What did the women of the town think of Hester in The Scarlet Letter?

Expert Answers

An illustration of the letter 'A' in a speech bubbles

Most of the women in the town are extremely rueful, angry, and judgmental towards Hester Prynn due to her crime of adultery. Most of them are staunch puritanical woman who have no shortage of animosity for Hester and, indeed, maintain that she has not been punished nearly harshly enough. Some...

Unlock
This Answer Now

Start your 48-hour free trial to unlock this answer and thousands more. Enjoy eNotes ad-free and cancel anytime.

Start your 48-Hour Free Trial

Most of the women in the town are extremely rueful, angry, and judgmental towards Hester Prynn due to her crime of adultery. Most of them are staunch puritanical woman who have no shortage of animosity for Hester and, indeed, maintain that she has not been punished nearly harshly enough. Some suggest that she should be exiled completely rather than merely have to stand before the town for three hours.

Many of the woman are resentful of Hester's beauty, thinking that it is the reason that she got off with such a light punishment from the magistrates. Some women are outraged by her only having to wear the letter, suggesting that it should have been branded on her forehead instead.

Not all women in the town were so outwardly cruel, however. It was shown that at least one younger woman contended that Hester's shame was punishment enough.

Approved by eNotes Editorial Team
An illustration of the letter 'A' in a speech bubbles

The women of the town despise Hester at first. They see her as a "hussy" who deserves to die for her adultery. They see themselves as more respectable and God-fearing than she. That Hester is a good mother, a charitable woman devoted to the poor, and a patient sufferer mean nothing to them. They want no part of her and always make sure to isolate her during gatherings in town.

However, as the novel progresses, the women soften towards Hester. Her kind heart and quiet manner endear her to them. They also come to appreciate her needlework and artistry in making clothing. By the end of the novel, Hester's isolation is more self-imposed than anything, since the women come to like her.

Approved by eNotes Editorial Team
An illustration of the letter 'A' in a speech bubbles

At first, the women of the town scorn Hester as a fallen woman. Because of her scarlet letter, her adultery, and her illegitimate child, she is scorned as an outcast. Some of the women are also jealous of her for her beauty, so glad to pile on the hate.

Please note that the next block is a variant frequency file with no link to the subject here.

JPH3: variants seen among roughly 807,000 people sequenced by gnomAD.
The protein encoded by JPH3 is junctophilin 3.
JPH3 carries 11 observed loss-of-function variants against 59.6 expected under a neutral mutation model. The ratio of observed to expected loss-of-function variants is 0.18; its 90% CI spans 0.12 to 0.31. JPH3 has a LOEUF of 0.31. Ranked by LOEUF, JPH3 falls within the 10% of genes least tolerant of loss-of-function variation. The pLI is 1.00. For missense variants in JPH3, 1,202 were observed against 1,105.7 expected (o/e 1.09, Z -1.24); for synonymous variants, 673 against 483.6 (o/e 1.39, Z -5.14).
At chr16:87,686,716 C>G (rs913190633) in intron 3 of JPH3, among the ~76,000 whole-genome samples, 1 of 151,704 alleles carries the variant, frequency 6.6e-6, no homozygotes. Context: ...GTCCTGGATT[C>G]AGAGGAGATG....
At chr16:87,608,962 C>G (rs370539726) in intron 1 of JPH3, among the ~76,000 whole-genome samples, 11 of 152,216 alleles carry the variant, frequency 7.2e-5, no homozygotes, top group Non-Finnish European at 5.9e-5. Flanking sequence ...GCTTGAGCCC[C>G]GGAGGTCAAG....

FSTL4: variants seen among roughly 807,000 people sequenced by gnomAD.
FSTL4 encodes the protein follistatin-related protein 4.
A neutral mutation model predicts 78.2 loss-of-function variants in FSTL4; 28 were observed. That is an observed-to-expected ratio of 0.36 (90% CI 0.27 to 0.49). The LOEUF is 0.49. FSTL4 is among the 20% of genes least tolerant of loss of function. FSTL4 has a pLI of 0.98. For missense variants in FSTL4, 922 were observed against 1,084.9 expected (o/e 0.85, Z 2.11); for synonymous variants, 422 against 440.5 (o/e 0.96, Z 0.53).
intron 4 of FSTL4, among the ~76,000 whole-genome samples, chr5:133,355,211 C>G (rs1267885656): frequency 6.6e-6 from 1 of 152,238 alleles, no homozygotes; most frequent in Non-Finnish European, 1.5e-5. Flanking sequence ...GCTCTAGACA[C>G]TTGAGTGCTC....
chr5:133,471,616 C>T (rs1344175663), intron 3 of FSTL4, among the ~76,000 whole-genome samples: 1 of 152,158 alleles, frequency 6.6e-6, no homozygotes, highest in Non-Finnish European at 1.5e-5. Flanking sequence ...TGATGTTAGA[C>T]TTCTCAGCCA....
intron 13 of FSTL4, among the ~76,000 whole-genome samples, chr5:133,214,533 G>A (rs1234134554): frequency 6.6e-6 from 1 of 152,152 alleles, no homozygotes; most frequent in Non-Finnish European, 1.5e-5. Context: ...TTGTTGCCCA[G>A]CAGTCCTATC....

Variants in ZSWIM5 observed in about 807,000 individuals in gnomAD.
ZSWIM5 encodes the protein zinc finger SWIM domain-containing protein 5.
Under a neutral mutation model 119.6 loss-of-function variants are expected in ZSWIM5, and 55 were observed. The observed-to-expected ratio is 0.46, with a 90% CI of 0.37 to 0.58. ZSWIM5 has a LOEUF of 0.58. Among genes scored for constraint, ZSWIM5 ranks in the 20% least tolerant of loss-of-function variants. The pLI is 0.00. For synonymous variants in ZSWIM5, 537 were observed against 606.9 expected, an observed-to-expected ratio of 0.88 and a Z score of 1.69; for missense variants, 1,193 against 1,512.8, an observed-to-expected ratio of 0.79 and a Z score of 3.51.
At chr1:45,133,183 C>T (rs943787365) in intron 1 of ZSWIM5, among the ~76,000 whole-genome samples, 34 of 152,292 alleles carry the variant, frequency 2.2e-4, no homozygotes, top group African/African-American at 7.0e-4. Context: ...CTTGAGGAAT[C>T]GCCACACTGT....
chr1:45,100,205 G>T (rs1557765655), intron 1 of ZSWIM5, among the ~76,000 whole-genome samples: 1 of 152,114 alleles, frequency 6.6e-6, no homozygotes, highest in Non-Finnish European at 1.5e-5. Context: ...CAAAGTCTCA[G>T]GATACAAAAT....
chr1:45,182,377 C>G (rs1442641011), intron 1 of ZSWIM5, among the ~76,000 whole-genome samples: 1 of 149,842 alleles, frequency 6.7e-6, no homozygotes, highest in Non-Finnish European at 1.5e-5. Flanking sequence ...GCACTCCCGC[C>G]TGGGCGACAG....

Hester could have moved, as the novel tells us, and started over, but she decides to face up to what she has done and seek redemption. She doesn't expect kindness, but she nevertheless dedicates herself to good works, charity, and living an honorable life. Although she has very little money, she still manages to help the poor. She is humble, kind, and charitable to all.

Over time, her behavior wins over the other women. They begin to respect her strength of character and her goodness of heart. By her actions, Hester turns her scarlet letter, her badge of shame, into a badge of honor.

Approved by eNotes Editorial Team
An illustration of the letter 'A' in a speech bubbles

Nathaniel Hawthorne's The Scarlet Letter explores the Puritanical world and the woman who defies the preconceived notions of womanly behavior and love. Chapter two introduces a throng of women gathered outside the prison door, awaiting the release of Hester Prynne. Hawthorne describes them in less than generous terms, with broad shoulders and ruddy cheeks.

A "hard-featured dame of fifty" opens the dialogue with scorching comments about the nature of Hester Prynne. This lady brands Hester a "hussy" and suggests that she herself and her companions, all being more godly women, would have a far better, and far harsher, sentence for Hester Prynne than the magistrates have deemed.

While it is clear the women do not count Hester among them and want perhaps her life in exchange for her sins, it is important to note Hawthorne gives voice to one quiet detractor in the crowd. A young wife, perhaps feeling a sort of affinity for Hester, softly suggests that Hester has been punished enough and the pain she wears in her heart is punishment enough. Her sentiment is echoed by a man in the crowd, who may find himself struck to forgiveness by Hester's beauty. 

Be that as it may, it is clear through at least the first half of the novel, the women feel Hester has violated the Puritanical laws of chastity and humility and should be at the very least exiled to the outskirts of town.

Approved by eNotes Editorial Team